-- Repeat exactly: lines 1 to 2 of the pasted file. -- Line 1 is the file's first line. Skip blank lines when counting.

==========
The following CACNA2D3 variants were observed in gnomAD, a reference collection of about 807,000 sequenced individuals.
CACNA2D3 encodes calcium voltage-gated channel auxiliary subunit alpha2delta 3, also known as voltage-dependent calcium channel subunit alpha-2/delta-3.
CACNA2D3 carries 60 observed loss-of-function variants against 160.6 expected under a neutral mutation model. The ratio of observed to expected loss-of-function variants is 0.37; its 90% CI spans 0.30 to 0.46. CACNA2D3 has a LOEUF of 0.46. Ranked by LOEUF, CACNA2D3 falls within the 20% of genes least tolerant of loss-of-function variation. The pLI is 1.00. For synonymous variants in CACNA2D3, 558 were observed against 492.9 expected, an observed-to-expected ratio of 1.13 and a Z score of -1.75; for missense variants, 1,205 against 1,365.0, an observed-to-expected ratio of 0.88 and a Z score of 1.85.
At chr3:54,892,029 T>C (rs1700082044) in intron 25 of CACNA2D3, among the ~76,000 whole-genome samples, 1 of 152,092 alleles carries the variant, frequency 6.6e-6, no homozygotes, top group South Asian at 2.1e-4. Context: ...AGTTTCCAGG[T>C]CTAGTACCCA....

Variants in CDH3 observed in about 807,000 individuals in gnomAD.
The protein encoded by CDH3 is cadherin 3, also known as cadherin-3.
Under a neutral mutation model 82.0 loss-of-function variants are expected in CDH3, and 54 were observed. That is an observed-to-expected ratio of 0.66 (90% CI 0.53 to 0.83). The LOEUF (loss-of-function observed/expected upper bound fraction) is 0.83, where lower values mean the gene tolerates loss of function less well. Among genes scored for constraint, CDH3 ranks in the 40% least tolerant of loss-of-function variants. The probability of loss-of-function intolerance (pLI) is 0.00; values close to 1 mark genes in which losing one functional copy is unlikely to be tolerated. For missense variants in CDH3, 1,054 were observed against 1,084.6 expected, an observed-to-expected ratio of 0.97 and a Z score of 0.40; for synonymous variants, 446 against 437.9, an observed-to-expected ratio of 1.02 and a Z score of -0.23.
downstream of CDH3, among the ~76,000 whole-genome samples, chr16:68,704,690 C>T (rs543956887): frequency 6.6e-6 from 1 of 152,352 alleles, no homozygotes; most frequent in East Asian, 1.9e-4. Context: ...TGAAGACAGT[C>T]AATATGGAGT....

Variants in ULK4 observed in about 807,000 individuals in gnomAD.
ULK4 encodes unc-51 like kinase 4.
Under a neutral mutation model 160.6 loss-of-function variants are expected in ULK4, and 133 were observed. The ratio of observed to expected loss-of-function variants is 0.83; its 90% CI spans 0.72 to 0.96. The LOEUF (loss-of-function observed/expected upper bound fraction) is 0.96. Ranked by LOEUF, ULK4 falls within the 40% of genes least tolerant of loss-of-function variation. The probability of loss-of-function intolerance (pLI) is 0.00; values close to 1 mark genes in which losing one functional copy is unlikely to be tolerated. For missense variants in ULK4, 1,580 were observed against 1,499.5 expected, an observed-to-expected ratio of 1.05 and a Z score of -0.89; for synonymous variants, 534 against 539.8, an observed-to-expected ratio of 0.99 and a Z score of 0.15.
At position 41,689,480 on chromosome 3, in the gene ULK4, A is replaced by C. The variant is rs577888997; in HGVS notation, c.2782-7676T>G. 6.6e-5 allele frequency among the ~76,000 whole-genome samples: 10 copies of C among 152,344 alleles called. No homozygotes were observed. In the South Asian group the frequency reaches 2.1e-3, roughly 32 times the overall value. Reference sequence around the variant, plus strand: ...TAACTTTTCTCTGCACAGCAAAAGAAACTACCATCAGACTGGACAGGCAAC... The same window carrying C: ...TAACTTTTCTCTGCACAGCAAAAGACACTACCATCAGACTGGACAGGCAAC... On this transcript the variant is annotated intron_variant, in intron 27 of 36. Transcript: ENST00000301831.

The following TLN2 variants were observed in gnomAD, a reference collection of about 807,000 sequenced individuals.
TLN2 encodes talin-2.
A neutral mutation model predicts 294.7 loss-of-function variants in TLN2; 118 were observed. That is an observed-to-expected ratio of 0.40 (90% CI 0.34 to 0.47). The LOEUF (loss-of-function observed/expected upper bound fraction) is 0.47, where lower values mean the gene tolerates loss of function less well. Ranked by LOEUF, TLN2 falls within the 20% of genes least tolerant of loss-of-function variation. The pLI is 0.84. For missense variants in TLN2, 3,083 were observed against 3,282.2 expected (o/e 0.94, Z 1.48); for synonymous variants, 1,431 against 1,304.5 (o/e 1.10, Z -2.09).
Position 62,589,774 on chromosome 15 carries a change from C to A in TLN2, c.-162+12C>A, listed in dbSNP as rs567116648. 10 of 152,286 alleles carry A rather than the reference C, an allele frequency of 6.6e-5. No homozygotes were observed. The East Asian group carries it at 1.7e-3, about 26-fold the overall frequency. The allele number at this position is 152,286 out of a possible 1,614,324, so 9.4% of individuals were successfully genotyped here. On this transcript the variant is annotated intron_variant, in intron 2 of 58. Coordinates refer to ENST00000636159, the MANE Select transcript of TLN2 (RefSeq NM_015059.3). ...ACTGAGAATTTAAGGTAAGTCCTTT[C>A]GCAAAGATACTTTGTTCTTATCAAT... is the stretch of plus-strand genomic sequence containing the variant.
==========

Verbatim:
The following CACNA2D3 variants were observed in gnomAD, a reference collection of about 807,000 sequenced individuals.
CACNA2D3 encodes calcium voltage-gated channel auxiliary subunit alpha2delta 3, also known as voltage-dependent calcium channel subunit alpha-2/delta-3.